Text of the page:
Five common pitfalls in service design projects and how to avoid them

Service design has quickly become a new innovative approach used by numerous companies to improve their business. In this blog post, we list five common mistakes we have observed, which may cause service design projects to fail. In most cases, these mistakes stem from insufficient understanding of the service design process and from relying on service development processes that are based on more traditional product development principles. Avoiding the following pitfalls will multiply your company’s chances of succeeding in its next service design project. 

1. Unclear definition of the desired outcome of service design 

The first mistake to avoid is neglecting the connection between service design projects and your company’s business objectives. As service design gains popularity, organisations might get carried away and launch projects solely for the sake of exploring what service design can offer, leading to the results of these projects often being buried in the archives or lost in the company intranet. When service design projects with vague goals fail, companies unfortunately tend to draw incorrect conclusions about the importance and usefulness of service design.

In order to avoid this, your company should have a clear idea of why the project has been launched, what you aim to achieve with it, what challenges and goals it is linked to and what you intend to do after the project has ended. Although the service design approach allows for the exploration of wide-ranging and often unclear challenges, that doesn’t mean this discussion should be bypassed upon launching a service design project. In one of our previous blog posts, we took a closer look at how we at Hellon connect service design and a company’s business objectives with each other.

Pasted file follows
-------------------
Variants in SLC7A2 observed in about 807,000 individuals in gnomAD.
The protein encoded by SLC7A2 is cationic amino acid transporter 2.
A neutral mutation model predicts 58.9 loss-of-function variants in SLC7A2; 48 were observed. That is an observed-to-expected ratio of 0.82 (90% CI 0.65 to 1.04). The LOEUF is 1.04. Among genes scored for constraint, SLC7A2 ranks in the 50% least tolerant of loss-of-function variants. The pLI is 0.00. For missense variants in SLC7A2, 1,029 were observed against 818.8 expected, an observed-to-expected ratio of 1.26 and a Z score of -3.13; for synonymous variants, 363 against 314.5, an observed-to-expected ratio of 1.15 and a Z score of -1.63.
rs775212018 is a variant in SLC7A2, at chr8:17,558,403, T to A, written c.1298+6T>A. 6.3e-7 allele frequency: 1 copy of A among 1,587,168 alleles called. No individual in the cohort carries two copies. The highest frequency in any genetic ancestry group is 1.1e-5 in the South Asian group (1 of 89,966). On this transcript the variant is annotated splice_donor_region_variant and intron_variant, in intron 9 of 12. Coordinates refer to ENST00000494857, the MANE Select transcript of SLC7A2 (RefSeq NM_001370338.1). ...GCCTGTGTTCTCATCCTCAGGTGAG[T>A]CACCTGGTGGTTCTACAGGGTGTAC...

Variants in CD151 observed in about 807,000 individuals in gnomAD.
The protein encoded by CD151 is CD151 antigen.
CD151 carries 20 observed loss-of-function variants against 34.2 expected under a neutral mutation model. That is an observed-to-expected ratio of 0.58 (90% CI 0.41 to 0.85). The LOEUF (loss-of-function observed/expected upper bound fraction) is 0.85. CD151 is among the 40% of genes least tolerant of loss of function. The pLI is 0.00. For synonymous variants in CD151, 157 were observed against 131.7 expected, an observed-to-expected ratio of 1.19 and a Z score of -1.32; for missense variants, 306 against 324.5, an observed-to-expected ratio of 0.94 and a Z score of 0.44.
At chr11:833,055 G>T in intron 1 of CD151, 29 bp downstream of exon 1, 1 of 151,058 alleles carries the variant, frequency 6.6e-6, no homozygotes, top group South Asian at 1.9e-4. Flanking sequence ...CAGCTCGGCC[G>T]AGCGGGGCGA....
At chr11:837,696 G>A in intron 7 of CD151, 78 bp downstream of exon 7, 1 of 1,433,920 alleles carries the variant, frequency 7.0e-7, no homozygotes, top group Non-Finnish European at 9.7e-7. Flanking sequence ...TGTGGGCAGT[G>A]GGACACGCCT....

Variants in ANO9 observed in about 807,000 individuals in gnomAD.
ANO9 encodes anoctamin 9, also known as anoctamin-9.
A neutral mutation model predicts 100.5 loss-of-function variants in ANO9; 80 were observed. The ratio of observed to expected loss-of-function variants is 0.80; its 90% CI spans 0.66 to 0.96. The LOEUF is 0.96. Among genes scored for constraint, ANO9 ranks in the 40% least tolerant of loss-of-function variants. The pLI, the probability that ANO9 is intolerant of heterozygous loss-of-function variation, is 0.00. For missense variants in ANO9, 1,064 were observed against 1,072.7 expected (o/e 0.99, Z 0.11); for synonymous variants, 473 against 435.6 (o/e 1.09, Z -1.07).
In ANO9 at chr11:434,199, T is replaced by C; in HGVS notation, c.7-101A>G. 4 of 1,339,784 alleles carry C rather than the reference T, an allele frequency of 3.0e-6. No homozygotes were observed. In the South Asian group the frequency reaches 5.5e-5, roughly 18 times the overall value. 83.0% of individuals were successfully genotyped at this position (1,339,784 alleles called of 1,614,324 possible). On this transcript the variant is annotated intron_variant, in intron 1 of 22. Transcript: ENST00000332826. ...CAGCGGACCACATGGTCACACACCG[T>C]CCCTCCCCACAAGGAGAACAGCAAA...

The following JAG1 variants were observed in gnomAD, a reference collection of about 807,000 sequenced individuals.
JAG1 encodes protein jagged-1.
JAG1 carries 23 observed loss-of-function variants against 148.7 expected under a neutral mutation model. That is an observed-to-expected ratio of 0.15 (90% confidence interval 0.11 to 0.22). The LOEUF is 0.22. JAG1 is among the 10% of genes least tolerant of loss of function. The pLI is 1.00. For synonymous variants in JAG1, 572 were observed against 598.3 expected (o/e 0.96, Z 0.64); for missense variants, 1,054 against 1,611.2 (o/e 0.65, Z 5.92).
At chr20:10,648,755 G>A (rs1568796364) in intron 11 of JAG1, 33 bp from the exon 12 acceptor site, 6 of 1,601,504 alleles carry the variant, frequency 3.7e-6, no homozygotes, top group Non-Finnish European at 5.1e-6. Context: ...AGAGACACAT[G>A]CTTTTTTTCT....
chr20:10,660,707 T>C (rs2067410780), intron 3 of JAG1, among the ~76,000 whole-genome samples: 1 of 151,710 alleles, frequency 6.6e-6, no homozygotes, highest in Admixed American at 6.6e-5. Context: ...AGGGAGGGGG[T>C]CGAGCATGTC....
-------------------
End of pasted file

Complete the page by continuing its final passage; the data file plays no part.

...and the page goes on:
2. Overlooking the customer’s underlying needs

The second common mistake we have identified is the tendency to conduct only a superficial examination of the customer’s needs as a basis for the solutions to be designed and developed, rather than in-depth customer understanding. Generally, this means that only the explicitly expressed customer needs are identified, and the customer understanding gained equals the information that can be obtained through a traditional customer survey. Superficial examination of customer needs entails two key challenges: First, it is often difficult for a customer to know and/or give a direct answer to how a service could be improved. Second, easily identifiable needs don’t usually provide a fertile ground for the creation of genuinely innovative services. To quote Henry Ford, one of the world’s greatest innovators, “If I had asked people what they wanted, they would have said faster horses.”

The goal of the customer research phase of the service design process is to delve deep into the customers’ everyday life and routines to uncover the motives and underlying needs that guide their operations in addition to the identified needs. In short, in-depth customer understanding allows us to create solutions that other service providers may not offer or may not have thought of. 

3. Excluding the customer when generating ideas for solutions

Another pitfall we have identified is linked to the transition from the customer research phase to generating ideas for solutions. Regardless of how thoroughly the customer research has been conducted, the risk of the findings being ignored and the design process unintentionally becoming organisation-centric remains. In most cases, this typically happens when the design team cannot develop the findings of the customer research phase into a toolkit for customer-centric design.